Floods can cause massive damage and leave sufferers isolated from help or any outside contact. Here are some safety tips that can help you deal better with floods:
1. Stay informed
If you live in an area where a flood alert has been sounded, then pay attention to the news flowing in. Radio, TV and the Internet can keep you updated about the conditions and the options that you have.
2. Pack a bag
I know you think everything you have is valuable, but be absolutely clear-headed when packing an emergency bag. Keep handy things like any medicines you need to take, set of sensible clothe, some food, torch, lighter, mobile phone, personal documents, etc.
3. Shift valuables to higher ground
If you can, move your good furniture, electronics and other essential items to a higher floor in your building. That way, even in the lower floor gets water-damaged, your valuables will have been saved.
4. Secure heavy and hazardous items
Heavy display cases, tables, cupboards, bookshelves, etc. that can’t be moved should be tied up – either to each other or to something secure. Make sure any hazardous items (guns, swords, knives, etc.) are locked up safely. Put sand bags in toilet bowls to avoid sewage back-flow.
5. Be discerning
Unfortunately, there are some people who love to spread rumors and never miss an opportunity to fear-monger. With smartphones making the job of spreading information (even if it is false) easy, it is up to you to pay attention to important details and not fall victim to rumors.
6. Turn off electrical appliances
Turn of the main switches or valves if a flood is imminent. Disconnect all electrical appliances. If you are evacuating, then make sure that nothing in your house is plugged in and that all your switches are in the off position.
7. Act quickly
If you have been advised by the authorities to evacuate your house, do so immediately. If there is the possibility of flash floods (a flash flood is a rapid flooding of geomorphic low-lying areas: washes, rivers, dry lakes and basins), get yourself to higher ground straightaway.
8. Take your pets with you
Floods are as dangerous for them as they are for you. Some people assume that animals will know what to do if left in a dangerous situation, but that is not really true for household pets. Don’t chain them and leave them behind.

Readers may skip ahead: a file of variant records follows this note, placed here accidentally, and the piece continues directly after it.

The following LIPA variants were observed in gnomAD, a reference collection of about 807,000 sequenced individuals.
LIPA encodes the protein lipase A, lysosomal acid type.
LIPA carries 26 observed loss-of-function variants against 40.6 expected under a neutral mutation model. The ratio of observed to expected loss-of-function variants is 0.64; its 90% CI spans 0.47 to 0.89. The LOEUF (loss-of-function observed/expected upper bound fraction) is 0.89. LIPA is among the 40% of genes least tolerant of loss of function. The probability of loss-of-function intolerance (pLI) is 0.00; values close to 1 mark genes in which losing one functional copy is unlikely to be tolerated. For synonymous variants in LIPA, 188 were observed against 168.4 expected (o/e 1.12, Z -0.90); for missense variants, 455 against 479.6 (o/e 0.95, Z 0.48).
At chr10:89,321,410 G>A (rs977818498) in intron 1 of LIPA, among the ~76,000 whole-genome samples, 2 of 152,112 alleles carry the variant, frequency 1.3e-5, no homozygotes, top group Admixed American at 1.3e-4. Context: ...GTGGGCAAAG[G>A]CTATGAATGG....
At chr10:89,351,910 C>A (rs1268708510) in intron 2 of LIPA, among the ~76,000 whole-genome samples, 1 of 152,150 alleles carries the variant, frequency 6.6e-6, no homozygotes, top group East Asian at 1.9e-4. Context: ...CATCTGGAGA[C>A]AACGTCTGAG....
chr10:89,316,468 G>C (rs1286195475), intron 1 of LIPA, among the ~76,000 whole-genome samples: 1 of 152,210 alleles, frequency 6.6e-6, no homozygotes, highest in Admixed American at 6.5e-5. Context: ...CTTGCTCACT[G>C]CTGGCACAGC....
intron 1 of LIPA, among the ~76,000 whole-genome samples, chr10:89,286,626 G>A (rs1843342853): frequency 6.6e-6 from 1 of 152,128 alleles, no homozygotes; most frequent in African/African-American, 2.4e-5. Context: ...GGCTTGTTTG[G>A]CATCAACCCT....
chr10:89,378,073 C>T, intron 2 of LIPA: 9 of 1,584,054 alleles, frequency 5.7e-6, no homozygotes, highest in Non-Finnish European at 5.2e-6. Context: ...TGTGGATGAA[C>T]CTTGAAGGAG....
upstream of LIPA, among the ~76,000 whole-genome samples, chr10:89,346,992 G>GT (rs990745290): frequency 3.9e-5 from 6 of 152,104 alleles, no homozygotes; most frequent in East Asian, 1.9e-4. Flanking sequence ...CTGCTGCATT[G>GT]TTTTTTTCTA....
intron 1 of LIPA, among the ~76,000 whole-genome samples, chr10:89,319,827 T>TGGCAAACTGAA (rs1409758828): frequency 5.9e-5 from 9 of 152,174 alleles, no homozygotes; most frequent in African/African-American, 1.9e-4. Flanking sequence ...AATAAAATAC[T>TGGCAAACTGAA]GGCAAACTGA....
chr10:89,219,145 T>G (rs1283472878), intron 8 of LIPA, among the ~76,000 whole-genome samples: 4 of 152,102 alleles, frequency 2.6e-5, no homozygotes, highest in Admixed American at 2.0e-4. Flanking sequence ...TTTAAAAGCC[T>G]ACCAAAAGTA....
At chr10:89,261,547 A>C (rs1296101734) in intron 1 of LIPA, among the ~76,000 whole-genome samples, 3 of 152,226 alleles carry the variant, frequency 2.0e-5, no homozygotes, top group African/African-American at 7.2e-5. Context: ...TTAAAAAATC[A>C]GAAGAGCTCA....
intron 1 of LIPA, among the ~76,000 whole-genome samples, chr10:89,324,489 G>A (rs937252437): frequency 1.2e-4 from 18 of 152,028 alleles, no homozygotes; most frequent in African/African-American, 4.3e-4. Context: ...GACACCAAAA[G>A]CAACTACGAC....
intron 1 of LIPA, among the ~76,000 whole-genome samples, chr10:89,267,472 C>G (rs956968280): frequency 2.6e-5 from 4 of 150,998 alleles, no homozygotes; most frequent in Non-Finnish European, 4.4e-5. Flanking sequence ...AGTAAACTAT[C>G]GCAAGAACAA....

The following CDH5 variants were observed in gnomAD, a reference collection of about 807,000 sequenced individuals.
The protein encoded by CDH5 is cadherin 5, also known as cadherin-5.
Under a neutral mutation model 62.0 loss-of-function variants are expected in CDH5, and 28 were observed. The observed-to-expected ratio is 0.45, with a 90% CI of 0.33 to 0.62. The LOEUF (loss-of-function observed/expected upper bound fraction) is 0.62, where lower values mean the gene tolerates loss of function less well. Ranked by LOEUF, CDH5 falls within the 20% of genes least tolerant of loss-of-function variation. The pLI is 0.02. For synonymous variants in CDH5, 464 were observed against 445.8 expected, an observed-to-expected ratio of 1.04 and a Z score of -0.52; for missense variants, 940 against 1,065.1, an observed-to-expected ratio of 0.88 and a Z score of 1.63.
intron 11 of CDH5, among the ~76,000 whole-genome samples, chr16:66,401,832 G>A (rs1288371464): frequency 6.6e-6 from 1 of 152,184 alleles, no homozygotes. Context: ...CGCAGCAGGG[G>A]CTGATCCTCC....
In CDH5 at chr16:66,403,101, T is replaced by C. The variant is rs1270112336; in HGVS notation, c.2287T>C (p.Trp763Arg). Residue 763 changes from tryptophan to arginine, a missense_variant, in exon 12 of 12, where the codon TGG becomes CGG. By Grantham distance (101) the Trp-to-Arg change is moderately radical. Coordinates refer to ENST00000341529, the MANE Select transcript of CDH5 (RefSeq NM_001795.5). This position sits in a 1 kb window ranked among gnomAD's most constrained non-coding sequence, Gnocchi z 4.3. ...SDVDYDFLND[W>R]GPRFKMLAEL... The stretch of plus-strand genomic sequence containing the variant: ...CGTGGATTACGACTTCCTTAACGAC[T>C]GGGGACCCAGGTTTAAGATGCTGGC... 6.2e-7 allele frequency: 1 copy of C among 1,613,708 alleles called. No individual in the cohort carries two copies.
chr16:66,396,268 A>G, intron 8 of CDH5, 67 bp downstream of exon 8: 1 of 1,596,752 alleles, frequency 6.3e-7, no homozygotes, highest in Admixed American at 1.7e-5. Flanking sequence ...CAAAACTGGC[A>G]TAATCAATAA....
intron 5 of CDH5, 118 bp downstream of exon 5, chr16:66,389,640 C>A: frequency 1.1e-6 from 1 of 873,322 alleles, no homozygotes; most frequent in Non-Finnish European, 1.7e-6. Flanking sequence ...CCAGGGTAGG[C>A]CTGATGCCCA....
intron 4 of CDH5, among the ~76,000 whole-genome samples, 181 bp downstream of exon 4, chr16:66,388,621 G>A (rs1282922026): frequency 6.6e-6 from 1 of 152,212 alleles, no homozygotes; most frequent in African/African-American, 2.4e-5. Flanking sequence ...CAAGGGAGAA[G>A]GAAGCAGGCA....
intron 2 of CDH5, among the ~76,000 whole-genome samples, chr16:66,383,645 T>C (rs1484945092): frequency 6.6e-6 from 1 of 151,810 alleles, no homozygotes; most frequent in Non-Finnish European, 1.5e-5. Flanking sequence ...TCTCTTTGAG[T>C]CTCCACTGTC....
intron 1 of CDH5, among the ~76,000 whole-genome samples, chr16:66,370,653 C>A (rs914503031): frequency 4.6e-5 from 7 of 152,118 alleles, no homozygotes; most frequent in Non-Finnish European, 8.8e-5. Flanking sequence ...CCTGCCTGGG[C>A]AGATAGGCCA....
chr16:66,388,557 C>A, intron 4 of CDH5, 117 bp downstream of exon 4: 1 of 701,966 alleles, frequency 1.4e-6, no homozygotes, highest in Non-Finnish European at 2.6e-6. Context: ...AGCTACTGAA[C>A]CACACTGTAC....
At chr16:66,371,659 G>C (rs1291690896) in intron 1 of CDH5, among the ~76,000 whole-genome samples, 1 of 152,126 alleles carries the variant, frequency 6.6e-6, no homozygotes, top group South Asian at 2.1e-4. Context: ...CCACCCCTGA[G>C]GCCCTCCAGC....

9. Avoid walking in fast-flowing water
Whenever possible, avoid walking in moving water. Swift-moving water can cause you to lose your balance. If you have to walk in water, tread where you see water standing still. Use a sturdy stick to make sure that the ground in front of you is firm.
10. If your car gets stuck, leave it
Floodwaters rise fast and when you’re evacuating by car, your car may get stuck. In such a case, just leave your car; don’t waste time trying to get it unstuck. Try and safely get yourself to higher ground. Don’t drive into water-logged roads if you don’t know the depth of the water.
11. Keep calm if you weren’t able to evacuate
Stay on higher ground; keep listening to the radio; don’t eat any food that has been in the floodwaters; drink water only after boiling it; don’t let children play in floodwaters; don’t step out when it’s dark; and assess any damage to your building and decide if you’ll be safe inside it or if you should move elsewhere.
12. Don’t step into floodwaters
Avoid floodwaters as the water may be contaminated by oil, gasoline, harmful chemicals or raw sewage. Water may also be electrically charged from underground or downed power lines that you may not be able to see.
13. Be careful when waters recede
Even after floodwaters have receded, you must be careful as they could have weakened roads and buildings. Get everything at home checked and walk outside with the help of a firm stick to guide your way. Wear solid shoes outside. Don’t touch power lines.
14. Disinfect everything before use
Since floodwaters can end up carrying chemicals and sewage into areas, make sure that everything is thoroughly cleaned and disinfected before you use it.
15. Watch out for wild animals
Floods can displace wild animals from their habitats. If you see one, call the local authorities. Do not try and tackle it yourself. Be especially careful about snakes which are easily carried by floodwater and can take shelter in any tiny space they find.